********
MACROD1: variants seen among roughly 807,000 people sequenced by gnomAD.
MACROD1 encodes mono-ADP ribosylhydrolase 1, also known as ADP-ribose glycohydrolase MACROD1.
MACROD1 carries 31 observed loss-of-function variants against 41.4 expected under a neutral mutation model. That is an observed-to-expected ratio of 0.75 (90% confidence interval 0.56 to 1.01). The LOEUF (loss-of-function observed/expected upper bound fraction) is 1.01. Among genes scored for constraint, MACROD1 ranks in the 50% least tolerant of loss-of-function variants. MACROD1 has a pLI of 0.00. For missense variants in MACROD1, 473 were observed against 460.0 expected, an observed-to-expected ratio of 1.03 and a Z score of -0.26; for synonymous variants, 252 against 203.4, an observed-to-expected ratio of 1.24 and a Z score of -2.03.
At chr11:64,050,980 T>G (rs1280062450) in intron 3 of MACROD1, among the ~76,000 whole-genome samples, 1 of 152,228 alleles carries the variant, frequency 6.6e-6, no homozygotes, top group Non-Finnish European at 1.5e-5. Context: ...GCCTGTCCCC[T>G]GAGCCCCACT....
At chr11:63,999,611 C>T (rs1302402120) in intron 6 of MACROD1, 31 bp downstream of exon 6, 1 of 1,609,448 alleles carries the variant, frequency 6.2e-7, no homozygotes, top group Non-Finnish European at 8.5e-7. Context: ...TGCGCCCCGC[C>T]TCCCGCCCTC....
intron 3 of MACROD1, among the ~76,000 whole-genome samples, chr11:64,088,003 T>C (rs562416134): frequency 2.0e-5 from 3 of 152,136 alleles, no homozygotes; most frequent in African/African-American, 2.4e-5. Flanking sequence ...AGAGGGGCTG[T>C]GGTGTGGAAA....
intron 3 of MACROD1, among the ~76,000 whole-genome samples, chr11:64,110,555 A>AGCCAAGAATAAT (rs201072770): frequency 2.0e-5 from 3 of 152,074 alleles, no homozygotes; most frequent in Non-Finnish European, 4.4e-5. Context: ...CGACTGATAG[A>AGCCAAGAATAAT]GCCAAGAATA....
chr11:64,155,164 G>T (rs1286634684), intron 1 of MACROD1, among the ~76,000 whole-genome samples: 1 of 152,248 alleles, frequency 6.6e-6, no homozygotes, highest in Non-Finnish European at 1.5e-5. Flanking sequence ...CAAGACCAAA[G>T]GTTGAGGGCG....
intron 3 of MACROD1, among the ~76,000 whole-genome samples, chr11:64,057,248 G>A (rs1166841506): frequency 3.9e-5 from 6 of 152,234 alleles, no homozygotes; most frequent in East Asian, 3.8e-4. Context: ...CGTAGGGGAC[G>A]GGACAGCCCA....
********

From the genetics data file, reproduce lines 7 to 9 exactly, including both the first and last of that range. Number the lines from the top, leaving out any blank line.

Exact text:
intron 3 of MACROD1, among the ~76,000 whole-genome samples, chr11:64,110,555 A>AGCCAAGAATAAT (rs201072770): frequency 2.0e-5 from 3 of 152,074 alleles, no homozygotes; most frequent in Non-Finnish European, 4.4e-5. Context: ...CGACTGATAG[A>AGCCAAGAATAAT]GCCAAGAATA....
chr11:64,155,164 G>T (rs1286634684), intron 1 of MACROD1, among the ~76,000 whole-genome samples: 1 of 152,248 alleles, frequency 6.6e-6, no homozygotes, highest in Non-Finnish European at 1.5e-5. Flanking sequence ...CAAGACCAAA[G>T]GTTGAGGGCG....
intron 3 of MACROD1, among the ~76,000 whole-genome samples, chr11:64,057,248 G>A (rs1166841506): frequency 3.9e-5 from 6 of 152,234 alleles, no homozygotes; most frequent in East Asian, 3.8e-4. Context: ...CGTAGGGGAC[G>A]GGACAGCCCA....